Oct 13, 2018

Melania Trump says "I really don't care" jacket was a message to critics

First Lady Melania Trump told ABC News in an interview that aired Friday that the jacket she wore when boarding a plane to visit an immigrant children's shelter, that read "I really don't care. Do U?" was a message to the media.

Why it matters: The First Lady's team maintained at the time that the jacket had no hidden message, but Trump said it was meant to show critics "that I don't care. You could criticize whatever you want to say...but it will not stop me to do what I feel is right."

More from her interview:

  • She spoke about her "Be Best" cyberbullying campaign, and said she is one of the most bullied people in the world: "We need to educate the children of social emotional behavior so when they grow up...they know how to deal with those issues."
  • She said she's enjoying her time as First Lady: "[T]his will not last forever. And it's [a] very special time."
  • She spoke about her husband's alleged affairs: "It is not a concern and focus of mine. I'm a mother and a first lady, and I have much more important things to think about and to do. I know people like to speculate and media like to speculate about our marriage... It's not always pleasant."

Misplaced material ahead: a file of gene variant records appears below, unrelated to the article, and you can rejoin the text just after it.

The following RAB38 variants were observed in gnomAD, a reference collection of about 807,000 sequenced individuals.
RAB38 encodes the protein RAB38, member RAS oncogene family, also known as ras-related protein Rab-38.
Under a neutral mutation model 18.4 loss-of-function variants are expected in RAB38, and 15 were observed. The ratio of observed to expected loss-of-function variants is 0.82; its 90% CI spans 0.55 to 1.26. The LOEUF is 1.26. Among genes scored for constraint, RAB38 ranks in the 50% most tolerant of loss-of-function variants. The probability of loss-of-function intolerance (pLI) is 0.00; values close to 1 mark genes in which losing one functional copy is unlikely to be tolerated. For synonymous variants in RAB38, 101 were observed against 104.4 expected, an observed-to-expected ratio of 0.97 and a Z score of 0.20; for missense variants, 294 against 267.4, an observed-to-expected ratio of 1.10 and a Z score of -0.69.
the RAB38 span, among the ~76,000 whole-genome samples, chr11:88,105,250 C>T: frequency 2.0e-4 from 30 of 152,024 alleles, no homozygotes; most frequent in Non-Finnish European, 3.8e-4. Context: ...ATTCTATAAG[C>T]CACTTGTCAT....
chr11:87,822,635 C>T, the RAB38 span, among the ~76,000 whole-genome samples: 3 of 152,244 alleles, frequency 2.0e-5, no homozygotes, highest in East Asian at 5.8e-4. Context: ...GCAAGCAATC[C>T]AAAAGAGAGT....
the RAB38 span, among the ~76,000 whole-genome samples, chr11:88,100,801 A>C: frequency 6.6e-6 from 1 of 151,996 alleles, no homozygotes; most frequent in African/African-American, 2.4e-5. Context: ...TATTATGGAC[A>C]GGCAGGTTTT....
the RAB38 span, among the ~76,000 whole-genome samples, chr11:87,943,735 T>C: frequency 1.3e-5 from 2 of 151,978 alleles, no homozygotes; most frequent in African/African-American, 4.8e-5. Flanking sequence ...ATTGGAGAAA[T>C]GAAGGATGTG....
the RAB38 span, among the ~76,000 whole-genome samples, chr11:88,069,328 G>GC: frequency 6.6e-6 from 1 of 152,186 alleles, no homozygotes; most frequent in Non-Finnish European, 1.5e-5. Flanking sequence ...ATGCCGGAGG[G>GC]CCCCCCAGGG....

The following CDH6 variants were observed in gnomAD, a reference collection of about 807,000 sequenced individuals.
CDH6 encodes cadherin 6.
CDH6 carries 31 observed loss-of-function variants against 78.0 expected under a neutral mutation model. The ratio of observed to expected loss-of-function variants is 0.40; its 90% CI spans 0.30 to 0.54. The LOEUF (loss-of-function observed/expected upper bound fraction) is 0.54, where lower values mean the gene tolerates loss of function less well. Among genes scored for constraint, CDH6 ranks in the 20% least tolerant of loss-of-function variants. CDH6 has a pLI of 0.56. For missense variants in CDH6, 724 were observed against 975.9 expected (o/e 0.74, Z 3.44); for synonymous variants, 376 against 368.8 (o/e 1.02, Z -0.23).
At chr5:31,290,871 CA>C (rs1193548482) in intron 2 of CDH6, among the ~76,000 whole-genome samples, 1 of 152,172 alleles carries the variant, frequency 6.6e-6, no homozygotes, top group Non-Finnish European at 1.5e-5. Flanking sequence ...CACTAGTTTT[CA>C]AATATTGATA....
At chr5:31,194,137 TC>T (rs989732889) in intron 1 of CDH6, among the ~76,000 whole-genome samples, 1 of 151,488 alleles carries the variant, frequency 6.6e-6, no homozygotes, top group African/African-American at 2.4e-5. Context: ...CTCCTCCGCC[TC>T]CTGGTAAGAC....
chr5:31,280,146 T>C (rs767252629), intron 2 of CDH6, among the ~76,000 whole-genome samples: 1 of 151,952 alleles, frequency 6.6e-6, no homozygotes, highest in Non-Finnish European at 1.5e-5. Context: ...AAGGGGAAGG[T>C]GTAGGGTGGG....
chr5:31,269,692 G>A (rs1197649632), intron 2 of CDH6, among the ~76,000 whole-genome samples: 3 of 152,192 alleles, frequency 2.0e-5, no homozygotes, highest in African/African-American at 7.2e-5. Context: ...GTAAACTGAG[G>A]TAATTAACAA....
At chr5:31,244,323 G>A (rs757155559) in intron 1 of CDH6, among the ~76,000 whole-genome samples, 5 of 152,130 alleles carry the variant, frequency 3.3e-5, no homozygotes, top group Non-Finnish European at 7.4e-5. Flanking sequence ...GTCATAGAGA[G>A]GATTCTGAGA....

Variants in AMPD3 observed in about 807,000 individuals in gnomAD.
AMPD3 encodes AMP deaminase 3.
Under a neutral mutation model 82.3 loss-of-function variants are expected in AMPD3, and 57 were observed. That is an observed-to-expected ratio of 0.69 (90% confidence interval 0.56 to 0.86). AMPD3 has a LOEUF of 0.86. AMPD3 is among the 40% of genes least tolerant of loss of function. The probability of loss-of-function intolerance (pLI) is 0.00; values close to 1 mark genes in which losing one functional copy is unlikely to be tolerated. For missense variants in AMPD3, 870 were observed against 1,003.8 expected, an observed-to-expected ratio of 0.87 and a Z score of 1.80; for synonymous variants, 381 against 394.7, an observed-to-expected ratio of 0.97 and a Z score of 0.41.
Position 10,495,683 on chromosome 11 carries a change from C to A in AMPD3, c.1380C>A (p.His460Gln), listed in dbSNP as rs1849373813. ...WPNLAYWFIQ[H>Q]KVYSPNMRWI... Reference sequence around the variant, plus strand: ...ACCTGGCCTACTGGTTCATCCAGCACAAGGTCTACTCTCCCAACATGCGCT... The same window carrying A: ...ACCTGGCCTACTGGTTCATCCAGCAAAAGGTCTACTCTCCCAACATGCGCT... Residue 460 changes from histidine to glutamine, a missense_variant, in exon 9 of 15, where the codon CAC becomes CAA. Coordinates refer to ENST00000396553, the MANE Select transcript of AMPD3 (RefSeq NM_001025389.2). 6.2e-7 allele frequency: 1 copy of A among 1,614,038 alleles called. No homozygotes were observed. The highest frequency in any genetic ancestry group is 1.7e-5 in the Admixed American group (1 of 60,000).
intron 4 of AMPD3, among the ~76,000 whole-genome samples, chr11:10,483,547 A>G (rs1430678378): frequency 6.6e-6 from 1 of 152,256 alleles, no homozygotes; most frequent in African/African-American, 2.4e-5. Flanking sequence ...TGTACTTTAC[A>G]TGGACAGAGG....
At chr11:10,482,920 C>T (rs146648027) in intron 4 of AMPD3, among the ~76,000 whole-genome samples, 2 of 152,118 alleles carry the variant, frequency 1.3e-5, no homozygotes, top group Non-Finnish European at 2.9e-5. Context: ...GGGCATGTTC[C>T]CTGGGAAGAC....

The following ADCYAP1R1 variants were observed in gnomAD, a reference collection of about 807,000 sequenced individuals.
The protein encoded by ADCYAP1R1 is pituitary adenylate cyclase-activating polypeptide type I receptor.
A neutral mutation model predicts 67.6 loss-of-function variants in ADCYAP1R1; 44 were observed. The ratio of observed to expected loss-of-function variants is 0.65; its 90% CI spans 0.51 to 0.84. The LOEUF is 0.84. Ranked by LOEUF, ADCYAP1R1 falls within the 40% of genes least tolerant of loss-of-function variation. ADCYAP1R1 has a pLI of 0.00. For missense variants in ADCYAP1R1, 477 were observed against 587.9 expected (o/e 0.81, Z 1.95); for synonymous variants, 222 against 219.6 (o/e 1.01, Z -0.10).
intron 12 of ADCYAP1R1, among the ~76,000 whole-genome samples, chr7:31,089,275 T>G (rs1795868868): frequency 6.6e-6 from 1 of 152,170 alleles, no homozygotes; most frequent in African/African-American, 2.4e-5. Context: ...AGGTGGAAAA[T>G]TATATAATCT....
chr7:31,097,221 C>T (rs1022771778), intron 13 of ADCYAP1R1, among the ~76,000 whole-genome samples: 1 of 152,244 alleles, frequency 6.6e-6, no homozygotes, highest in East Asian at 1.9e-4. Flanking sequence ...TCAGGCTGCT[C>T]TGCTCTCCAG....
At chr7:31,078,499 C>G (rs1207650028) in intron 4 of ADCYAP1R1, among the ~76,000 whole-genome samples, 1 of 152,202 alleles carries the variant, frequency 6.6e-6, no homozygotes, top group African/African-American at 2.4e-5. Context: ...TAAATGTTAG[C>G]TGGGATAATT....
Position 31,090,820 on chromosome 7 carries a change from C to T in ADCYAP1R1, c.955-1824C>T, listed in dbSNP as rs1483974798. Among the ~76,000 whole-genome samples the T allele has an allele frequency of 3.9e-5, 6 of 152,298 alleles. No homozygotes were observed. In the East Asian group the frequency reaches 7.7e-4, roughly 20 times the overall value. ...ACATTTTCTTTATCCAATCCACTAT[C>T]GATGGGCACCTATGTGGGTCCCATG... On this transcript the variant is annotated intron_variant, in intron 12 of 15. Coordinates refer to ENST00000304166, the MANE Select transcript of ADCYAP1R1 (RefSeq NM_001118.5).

• On family separation at the border, she said: "It was unacceptable for me to see children and parents separated. It was heartbreaking. And I reacted with my own voice."

Go deeper

Supreme Court to hear Philadelphia case over same-sex foster parents

Photo: Daniel Slim/AFP via Getty Images

The Supreme Court agreed Monday to hear a high-profile case that could reshape the bounds of First Amendment protections for religion.

Why it matters: The direct question in this case is whether Philadelphia had the right to cancel a contract with an adoption agency that refused to place foster children with same-sex couples. It also poses bigger questions that could lead the court to overturn a key precedent and carve out new protections for religious organizations.

Why Apple may move to open iOS

Photo illustration: Jakub Porzycki/NurPhoto via Getty Images

Apple may finally allow iPhone owners to set email or browsing apps other than Apple's own as their preferred defaults, according to a Bloomberg report from last week.

The big picture: Customers have long clamored for the ability to choose their preferred apps, and now Apple, like other big tech companies, finds itself under increased scrutiny over anything perceived as anticompetitive.